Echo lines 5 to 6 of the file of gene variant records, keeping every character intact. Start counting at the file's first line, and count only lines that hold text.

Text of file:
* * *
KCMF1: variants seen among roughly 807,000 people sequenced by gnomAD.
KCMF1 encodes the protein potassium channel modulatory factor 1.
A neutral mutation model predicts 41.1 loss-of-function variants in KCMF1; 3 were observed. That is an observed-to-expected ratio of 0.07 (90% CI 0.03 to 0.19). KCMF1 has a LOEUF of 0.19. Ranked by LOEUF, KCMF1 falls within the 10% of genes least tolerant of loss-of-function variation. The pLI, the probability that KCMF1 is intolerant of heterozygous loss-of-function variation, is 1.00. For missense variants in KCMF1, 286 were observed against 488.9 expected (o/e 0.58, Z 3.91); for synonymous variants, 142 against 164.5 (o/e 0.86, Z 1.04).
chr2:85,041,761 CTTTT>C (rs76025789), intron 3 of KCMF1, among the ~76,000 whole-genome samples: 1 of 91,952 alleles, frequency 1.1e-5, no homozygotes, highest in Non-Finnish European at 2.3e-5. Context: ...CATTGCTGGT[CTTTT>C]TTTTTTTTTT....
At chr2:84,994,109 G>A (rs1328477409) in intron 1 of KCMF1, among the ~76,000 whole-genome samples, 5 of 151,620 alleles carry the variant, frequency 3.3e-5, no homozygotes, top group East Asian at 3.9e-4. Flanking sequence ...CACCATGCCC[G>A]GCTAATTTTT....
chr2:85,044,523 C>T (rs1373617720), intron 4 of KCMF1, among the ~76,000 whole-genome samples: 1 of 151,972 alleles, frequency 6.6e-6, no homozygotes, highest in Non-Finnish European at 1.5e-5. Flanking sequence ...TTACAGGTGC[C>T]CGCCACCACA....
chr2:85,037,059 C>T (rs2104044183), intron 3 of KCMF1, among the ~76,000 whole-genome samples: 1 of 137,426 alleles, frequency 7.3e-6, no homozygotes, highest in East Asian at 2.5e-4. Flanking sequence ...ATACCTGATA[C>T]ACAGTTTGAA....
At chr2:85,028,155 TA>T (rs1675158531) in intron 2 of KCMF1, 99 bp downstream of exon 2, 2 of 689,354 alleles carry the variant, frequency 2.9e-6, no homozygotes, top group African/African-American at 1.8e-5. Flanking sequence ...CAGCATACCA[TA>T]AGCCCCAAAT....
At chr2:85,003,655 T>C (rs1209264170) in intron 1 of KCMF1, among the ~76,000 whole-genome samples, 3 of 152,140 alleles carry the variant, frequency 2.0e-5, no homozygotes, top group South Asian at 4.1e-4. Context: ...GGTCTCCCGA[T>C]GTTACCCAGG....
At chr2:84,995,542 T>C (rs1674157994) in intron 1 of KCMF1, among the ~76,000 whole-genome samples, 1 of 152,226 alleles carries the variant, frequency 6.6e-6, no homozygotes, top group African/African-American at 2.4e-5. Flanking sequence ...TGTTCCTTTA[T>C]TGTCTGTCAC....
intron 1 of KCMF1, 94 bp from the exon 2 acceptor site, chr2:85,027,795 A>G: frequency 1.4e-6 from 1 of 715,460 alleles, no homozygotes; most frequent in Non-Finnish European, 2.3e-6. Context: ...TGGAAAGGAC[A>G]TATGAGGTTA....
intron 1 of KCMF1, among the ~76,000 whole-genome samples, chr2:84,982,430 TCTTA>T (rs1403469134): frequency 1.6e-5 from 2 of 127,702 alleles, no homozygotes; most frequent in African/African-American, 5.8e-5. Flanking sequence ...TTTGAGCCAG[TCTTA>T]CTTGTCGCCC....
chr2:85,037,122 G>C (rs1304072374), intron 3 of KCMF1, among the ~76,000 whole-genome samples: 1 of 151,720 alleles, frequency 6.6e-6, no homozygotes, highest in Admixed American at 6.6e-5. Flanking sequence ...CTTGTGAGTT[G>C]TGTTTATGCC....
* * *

At chr2:84,994,109 G>A (rs1328477409) in intron 1 of KCMF1, among the ~76,000 whole-genome samples, 5 of 151,620 alleles carry the variant, frequency 3.3e-5, no homozygotes, top group East Asian at 3.9e-4. Flanking sequence ...CACCATGCCC[G>A]GCTAATTTTT....
chr2:85,044,523 C>T (rs1373617720), intron 4 of KCMF1, among the ~76,000 whole-genome samples: 1 of 151,972 alleles, frequency 6.6e-6, no homozygotes, highest in Non-Finnish European at 1.5e-5. Flanking sequence ...TTACAGGTGC[C>T]CGCCACCACA....